Previous research has demonstrated various neuroanatomical and neuropsychological abnormalities in schizophrenia. Although results vary depending on population characteristics, medication status, imaging methodology, and choice of cognitive assessment measures, overall results suggest decreased cerebral volume within frontal and temporal lobes and in individual structures, particularly hippocampus, within these regions; abnormal connectivity within fronto-temporal networks; and deficits in executive function, working memory, processing speed, and memory, with verbal memory deficits more reliably demonstrated than non-verbal impairment. In particular, left-hemisphere hippocampal-dependent verbal memory impairments have been proposed to be a core feature of schizophrenia, as these deficits are reliably demonstrated in first-episode, medication-na\xefve patients, chronic in- and outpatients, and at-risk populations such as individuals with prodromal schizophrenia symptoms and first-degree relatives of patients with schizophrenia. Verbal memory deficits have also been reliably demonstrated in patients with left-hemisphere temporal lobe epilepsy (TLE), and those who have undergone temporal lobe resection (TLR). Given the known localization of structural abnormalities in TLR groups and their relation to deficits in memory, it seemed reasonable to compare memory and other neuropsychological functions in schizophrenia and TLR groups to determine whether similar profiles emerged which might provide additional evidence of significant left-hemisphere involvement in the development and maintenance of schizophrenia. A comprehensive neuropsychological battery was administered to a total of 43 schizophrenia, left and right TLR, and control participants. Consistent with hypotheses, the schizophrenia and left TLR groups performed worse than controls on verbal memory, and the right TLR group performed worse than controls on non-verbal memory tasks, with a trend in the predicted direction for the schizophrenia group. Patients with schizophrenia also performed worse than controls on working memory, motor skills, and processing speed, as predicted. Hypotheses were not supported regarding overall memory profiles: the left and right TLR groups showed the expected interactive performance on verbal versus non-verbal memory, but the schizophrenia group was not found to have a memory profile similar to that of the left TLR group. Overall, results suggested that the cognitive profile of schizophrenia may best be represented as a complex interaction pattern rather than a hemisphere-specific model as seen in TLE.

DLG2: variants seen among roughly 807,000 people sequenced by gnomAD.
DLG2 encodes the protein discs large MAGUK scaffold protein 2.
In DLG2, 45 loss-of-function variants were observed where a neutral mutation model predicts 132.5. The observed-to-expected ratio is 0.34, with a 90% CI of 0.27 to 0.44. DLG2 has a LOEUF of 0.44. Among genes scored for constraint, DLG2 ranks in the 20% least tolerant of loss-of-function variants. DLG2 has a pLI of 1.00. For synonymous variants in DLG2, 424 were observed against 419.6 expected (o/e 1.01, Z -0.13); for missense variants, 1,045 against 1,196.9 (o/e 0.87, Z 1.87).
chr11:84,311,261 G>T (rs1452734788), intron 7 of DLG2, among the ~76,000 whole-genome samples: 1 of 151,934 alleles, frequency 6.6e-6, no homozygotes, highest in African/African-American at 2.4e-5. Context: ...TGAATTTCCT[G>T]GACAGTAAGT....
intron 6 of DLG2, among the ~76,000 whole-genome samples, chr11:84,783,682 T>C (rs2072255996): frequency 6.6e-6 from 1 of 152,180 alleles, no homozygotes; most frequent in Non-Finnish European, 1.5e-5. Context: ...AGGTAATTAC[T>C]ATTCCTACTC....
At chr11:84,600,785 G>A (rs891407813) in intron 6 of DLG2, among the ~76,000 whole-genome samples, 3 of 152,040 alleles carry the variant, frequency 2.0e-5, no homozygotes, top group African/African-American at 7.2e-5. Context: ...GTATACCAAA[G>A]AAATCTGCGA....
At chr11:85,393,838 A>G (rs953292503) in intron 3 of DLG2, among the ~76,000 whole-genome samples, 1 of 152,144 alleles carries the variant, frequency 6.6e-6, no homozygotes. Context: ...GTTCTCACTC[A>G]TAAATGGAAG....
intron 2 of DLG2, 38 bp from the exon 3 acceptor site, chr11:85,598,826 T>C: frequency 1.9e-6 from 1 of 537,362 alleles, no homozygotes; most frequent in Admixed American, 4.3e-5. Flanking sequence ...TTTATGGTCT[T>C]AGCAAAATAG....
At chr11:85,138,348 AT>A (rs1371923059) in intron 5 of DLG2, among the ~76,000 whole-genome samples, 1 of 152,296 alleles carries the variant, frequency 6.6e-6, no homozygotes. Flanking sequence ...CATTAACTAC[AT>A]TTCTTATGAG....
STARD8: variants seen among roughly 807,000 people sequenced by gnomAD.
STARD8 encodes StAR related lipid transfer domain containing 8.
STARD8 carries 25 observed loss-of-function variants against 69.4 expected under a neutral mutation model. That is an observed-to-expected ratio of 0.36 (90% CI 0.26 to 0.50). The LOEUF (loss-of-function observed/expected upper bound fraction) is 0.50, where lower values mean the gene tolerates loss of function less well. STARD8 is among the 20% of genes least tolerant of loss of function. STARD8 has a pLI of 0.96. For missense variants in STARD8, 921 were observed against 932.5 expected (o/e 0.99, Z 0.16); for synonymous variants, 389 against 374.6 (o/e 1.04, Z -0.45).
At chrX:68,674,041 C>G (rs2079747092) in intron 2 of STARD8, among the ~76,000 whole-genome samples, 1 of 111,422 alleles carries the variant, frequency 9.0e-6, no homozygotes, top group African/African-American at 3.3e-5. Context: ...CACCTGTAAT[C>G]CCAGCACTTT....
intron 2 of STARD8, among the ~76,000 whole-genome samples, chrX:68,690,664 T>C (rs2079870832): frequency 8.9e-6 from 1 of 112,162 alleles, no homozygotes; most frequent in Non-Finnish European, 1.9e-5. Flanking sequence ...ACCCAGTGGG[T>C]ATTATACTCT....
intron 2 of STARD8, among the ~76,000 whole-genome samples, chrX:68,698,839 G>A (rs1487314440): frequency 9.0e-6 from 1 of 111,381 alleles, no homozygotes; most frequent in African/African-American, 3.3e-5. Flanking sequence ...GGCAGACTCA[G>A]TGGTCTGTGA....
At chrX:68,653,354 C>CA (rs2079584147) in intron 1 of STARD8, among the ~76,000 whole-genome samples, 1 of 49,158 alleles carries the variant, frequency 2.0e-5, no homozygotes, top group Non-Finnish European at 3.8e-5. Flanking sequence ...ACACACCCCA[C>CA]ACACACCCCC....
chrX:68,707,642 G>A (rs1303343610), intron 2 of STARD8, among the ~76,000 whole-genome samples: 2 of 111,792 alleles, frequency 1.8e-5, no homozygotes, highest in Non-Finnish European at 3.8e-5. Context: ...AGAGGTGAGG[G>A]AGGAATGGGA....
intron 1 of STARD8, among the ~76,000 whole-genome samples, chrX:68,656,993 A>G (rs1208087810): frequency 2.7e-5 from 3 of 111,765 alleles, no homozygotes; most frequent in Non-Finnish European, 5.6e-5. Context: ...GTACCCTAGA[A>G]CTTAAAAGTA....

Level of Degree
First Committee Member (Chair)
Thoma, Robert J.
Second Committee Member
Third Committee Member
schizophrenia, neuropsychology, temporal lobe epilepsy, memory
Lundy, S. Laura. "Memory Profiles in Schizophrenia: A Neuropsychological Comparison with Temporal Lobe Epilepsy." (2014). https://digitalrepository.unm.edu/psy_etds/84